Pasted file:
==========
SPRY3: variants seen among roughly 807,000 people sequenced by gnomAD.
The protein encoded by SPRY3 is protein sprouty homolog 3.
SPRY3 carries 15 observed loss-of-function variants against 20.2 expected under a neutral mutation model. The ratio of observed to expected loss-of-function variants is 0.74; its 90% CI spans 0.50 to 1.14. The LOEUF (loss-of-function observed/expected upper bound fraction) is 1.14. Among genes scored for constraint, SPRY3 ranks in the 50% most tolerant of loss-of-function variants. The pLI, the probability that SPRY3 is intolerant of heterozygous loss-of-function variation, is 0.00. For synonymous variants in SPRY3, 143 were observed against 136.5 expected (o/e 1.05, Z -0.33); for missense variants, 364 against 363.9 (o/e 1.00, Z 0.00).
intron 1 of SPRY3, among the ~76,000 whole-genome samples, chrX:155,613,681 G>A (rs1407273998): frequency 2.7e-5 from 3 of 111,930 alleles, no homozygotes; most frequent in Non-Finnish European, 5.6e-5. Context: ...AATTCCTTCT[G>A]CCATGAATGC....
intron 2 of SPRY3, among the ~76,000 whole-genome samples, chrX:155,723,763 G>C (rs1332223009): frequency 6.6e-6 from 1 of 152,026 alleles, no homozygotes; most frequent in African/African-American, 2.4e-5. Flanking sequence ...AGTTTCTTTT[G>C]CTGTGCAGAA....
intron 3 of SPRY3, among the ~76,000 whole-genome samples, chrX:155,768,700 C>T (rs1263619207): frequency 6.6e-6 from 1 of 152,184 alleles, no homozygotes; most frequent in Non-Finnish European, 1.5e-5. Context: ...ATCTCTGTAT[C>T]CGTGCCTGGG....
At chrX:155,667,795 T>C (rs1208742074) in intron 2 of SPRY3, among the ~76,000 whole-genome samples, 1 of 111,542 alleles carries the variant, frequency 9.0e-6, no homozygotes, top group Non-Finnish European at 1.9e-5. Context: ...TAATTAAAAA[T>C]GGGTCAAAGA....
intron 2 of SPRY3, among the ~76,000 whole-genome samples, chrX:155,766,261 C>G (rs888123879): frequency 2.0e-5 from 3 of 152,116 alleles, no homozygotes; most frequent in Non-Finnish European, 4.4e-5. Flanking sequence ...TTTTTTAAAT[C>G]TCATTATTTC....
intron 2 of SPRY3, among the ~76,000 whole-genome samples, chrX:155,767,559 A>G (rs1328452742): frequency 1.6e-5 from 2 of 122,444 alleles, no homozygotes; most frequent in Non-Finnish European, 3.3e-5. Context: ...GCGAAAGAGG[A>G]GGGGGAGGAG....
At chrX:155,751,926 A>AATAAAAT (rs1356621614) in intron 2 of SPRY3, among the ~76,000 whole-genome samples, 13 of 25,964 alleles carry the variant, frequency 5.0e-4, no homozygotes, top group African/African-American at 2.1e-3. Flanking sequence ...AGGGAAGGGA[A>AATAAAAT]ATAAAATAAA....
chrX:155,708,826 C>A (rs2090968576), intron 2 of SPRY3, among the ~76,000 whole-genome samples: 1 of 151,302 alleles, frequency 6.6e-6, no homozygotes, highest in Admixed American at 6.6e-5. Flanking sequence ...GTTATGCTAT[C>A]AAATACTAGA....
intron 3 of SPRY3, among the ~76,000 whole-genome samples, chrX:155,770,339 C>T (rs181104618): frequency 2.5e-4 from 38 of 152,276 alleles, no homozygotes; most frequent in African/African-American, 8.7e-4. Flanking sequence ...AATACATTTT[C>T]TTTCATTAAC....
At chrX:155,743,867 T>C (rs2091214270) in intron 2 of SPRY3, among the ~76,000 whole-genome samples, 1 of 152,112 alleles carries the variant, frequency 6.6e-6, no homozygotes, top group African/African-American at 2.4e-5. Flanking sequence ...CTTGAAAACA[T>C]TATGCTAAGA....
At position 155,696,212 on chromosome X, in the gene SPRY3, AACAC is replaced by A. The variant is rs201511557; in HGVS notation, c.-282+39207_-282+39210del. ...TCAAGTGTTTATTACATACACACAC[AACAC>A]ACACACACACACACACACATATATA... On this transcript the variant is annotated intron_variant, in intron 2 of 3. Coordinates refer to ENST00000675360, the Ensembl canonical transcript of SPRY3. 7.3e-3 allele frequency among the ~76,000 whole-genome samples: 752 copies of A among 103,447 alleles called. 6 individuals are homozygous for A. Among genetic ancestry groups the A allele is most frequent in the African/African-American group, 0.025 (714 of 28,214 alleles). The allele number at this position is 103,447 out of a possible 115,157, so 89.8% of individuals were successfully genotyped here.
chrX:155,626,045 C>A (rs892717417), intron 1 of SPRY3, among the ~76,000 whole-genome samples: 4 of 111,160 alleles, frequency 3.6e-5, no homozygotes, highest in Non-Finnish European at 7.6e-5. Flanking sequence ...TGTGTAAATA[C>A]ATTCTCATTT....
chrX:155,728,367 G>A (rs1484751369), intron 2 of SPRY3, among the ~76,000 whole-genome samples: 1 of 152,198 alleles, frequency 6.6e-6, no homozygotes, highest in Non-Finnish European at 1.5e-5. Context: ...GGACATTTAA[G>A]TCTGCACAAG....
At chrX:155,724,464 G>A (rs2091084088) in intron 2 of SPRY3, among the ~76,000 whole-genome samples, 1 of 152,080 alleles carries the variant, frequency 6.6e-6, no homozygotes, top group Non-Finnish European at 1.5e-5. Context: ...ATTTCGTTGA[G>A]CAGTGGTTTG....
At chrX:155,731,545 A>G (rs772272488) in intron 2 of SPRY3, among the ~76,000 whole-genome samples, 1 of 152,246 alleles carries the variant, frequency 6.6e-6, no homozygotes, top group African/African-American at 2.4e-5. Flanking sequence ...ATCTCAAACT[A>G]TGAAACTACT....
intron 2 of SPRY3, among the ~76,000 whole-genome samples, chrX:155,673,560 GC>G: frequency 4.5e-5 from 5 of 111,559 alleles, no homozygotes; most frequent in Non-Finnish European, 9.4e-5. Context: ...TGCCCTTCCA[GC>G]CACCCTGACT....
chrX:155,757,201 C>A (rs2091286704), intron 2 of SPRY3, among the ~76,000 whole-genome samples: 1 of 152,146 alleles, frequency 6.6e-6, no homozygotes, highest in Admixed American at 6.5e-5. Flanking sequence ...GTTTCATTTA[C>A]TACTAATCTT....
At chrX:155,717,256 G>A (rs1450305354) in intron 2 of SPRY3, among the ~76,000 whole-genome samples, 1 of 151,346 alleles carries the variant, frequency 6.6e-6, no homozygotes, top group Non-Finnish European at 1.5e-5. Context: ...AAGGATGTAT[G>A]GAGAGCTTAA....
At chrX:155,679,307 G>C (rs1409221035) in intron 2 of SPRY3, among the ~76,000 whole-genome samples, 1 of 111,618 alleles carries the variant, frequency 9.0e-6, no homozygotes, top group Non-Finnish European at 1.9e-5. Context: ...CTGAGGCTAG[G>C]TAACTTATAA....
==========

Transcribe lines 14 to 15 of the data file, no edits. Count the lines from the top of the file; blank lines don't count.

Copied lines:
At position 155,696,212 on chromosome X, in the gene SPRY3, AACAC is replaced by A. The variant is rs201511557; in HGVS notation, c.-282+39207_-282+39210del. ...TCAAGTGTTTATTACATACACACAC[AACAC>A]ACACACACACACACACACATATATA... On this transcript the variant is annotated intron_variant, in intron 2 of 3. Coordinates refer to ENST00000675360, the Ensembl canonical transcript of SPRY3. 7.3e-3 allele frequency among the ~76,000 whole-genome samples: 752 copies of A among 103,447 alleles called. 6 individuals are homozygous for A. Among genetic ancestry groups the A allele is most frequent in the African/African-American group, 0.025 (714 of 28,214 alleles). The allele number at this position is 103,447 out of a possible 115,157, so 89.8% of individuals were successfully genotyped here.
chrX:155,626,045 C>A (rs892717417), intron 1 of SPRY3, among the ~76,000 whole-genome samples: 4 of 111,160 alleles, frequency 3.6e-5, no homozygotes, highest in Non-Finnish European at 7.6e-5. Flanking sequence ...TGTGTAAATA[C>A]ATTCTCATTT....